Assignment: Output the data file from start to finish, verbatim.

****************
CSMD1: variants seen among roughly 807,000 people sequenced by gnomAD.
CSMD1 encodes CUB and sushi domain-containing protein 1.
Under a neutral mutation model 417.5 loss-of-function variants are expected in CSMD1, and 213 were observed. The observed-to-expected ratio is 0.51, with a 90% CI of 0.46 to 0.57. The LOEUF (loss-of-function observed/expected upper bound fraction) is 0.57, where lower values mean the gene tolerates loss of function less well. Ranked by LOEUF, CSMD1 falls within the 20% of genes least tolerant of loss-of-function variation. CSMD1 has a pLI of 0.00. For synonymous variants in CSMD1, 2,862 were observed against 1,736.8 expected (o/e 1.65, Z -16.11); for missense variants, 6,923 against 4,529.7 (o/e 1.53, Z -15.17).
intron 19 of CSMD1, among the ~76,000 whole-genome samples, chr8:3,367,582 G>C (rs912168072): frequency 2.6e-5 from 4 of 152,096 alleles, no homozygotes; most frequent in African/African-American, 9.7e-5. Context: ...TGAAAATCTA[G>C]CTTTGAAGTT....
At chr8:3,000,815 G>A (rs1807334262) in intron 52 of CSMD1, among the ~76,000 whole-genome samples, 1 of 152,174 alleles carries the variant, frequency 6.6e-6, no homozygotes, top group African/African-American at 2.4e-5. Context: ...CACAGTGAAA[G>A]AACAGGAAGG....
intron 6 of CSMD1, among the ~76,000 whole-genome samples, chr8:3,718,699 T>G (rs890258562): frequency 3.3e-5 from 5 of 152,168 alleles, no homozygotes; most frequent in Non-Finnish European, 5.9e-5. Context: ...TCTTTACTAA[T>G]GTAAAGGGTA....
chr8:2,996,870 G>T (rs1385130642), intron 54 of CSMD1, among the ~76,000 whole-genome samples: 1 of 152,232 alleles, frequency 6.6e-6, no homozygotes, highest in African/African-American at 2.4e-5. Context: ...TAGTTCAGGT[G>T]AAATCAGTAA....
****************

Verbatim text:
CSMD1: variants seen among roughly 807,000 people sequenced by gnomAD.
CSMD1 encodes CUB and sushi domain-containing protein 1.
Under a neutral mutation model 417.5 loss-of-function variants are expected in CSMD1, and 213 were observed. The observed-to-expected ratio is 0.51, with a 90% CI of 0.46 to 0.57. The LOEUF (loss-of-function observed/expected upper bound fraction) is 0.57, where lower values mean the gene tolerates loss of function less well. Ranked by LOEUF, CSMD1 falls within the 20% of genes least tolerant of loss-of-function variation. CSMD1 has a pLI of 0.00. For synonymous variants in CSMD1, 2,862 were observed against 1,736.8 expected (o/e 1.65, Z -16.11); for missense variants, 6,923 against 4,529.7 (o/e 1.53, Z -15.17).
intron 19 of CSMD1, among the ~76,000 whole-genome samples, chr8:3,367,582 G>C (rs912168072): frequency 2.6e-5 from 4 of 152,096 alleles, no homozygotes; most frequent in African/African-American, 9.7e-5. Context: ...TGAAAATCTA[G>C]CTTTGAAGTT....
At chr8:3,000,815 G>A (rs1807334262) in intron 52 of CSMD1, among the ~76,000 whole-genome samples, 1 of 152,174 alleles carries the variant, frequency 6.6e-6, no homozygotes, top group African/African-American at 2.4e-5. Context: ...CACAGTGAAA[G>A]AACAGGAAGG....
intron 6 of CSMD1, among the ~76,000 whole-genome samples, chr8:3,718,699 T>G (rs890258562): frequency 3.3e-5 from 5 of 152,168 alleles, no homozygotes; most frequent in Non-Finnish European, 5.9e-5. Context: ...TCTTTACTAA[T>G]GTAAAGGGTA....
chr8:2,996,870 G>T (rs1385130642), intron 54 of CSMD1, among the ~76,000 whole-genome samples: 1 of 152,232 alleles, frequency 6.6e-6, no homozygotes, highest in African/African-American at 2.4e-5. Context: ...TAGTTCAGGT[G>T]AAATCAGTAA....